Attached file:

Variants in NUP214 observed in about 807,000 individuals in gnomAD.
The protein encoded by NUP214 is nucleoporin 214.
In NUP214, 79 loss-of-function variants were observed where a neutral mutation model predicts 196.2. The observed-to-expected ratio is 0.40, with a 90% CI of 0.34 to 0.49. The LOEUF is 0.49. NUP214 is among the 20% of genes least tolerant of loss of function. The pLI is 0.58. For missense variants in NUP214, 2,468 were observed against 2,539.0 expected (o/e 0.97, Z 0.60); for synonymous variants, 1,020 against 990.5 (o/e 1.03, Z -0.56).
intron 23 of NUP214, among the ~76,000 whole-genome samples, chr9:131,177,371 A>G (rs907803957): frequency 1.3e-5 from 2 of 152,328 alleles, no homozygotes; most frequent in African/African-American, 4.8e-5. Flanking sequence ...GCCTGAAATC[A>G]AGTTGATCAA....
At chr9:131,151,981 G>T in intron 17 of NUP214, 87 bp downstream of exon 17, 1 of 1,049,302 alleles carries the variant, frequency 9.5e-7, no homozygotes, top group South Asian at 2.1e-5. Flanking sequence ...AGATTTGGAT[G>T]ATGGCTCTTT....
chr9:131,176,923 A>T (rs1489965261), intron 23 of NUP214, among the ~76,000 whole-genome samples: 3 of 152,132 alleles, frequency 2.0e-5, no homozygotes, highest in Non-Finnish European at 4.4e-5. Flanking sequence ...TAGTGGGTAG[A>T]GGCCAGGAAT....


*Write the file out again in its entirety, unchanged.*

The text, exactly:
Variants in NUP214 observed in about 807,000 individuals in gnomAD.
The protein encoded by NUP214 is nucleoporin 214.
In NUP214, 79 loss-of-function variants were observed where a neutral mutation model predicts 196.2. The observed-to-expected ratio is 0.40, with a 90% CI of 0.34 to 0.49. The LOEUF is 0.49. NUP214 is among the 20% of genes least tolerant of loss of function. The pLI is 0.58. For missense variants in NUP214, 2,468 were observed against 2,539.0 expected (o/e 0.97, Z 0.60); for synonymous variants, 1,020 against 990.5 (o/e 1.03, Z -0.56).
intron 23 of NUP214, among the ~76,000 whole-genome samples, chr9:131,177,371 A>G (rs907803957): frequency 1.3e-5 from 2 of 152,328 alleles, no homozygotes; most frequent in African/African-American, 4.8e-5. Flanking sequence ...GCCTGAAATC[A>G]AGTTGATCAA....
At chr9:131,151,981 G>T in intron 17 of NUP214, 87 bp downstream of exon 17, 1 of 1,049,302 alleles carries the variant, frequency 9.5e-7, no homozygotes, top group South Asian at 2.1e-5. Flanking sequence ...AGATTTGGAT[G>T]ATGGCTCTTT....
chr9:131,176,923 A>T (rs1489965261), intron 23 of NUP214, among the ~76,000 whole-genome samples: 3 of 152,132 alleles, frequency 2.0e-5, no homozygotes, highest in Non-Finnish European at 4.4e-5. Flanking sequence ...TAGTGGGTAG[A>T]GGCCAGGAAT....